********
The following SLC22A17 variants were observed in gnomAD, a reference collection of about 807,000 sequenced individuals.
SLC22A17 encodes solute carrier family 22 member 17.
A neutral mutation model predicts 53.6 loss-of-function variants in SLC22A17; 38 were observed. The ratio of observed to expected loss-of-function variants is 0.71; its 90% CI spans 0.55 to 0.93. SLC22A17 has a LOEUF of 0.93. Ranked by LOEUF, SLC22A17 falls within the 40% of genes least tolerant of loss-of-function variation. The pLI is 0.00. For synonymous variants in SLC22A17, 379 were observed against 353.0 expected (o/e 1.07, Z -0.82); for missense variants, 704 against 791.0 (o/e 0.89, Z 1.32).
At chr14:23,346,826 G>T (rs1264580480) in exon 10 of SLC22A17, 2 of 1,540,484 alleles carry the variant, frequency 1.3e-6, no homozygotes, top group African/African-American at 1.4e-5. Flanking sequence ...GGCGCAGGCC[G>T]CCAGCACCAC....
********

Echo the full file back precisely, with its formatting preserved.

The following SLC22A17 variants were observed in gnomAD, a reference collection of about 807,000 sequenced individuals.
SLC22A17 encodes solute carrier family 22 member 17.
A neutral mutation model predicts 53.6 loss-of-function variants in SLC22A17; 38 were observed. The ratio of observed to expected loss-of-function variants is 0.71; its 90% CI spans 0.55 to 0.93. SLC22A17 has a LOEUF of 0.93. Ranked by LOEUF, SLC22A17 falls within the 40% of genes least tolerant of loss-of-function variation. The pLI is 0.00. For synonymous variants in SLC22A17, 379 were observed against 353.0 expected (o/e 1.07, Z -0.82); for missense variants, 704 against 791.0 (o/e 0.89, Z 1.32).
At chr14:23,346,826 G>T (rs1264580480) in exon 10 of SLC22A17, 2 of 1,540,484 alleles carry the variant, frequency 1.3e-6, no homozygotes, top group African/African-American at 1.4e-5. Flanking sequence ...GGCGCAGGCC[G>T]CCAGCACCAC....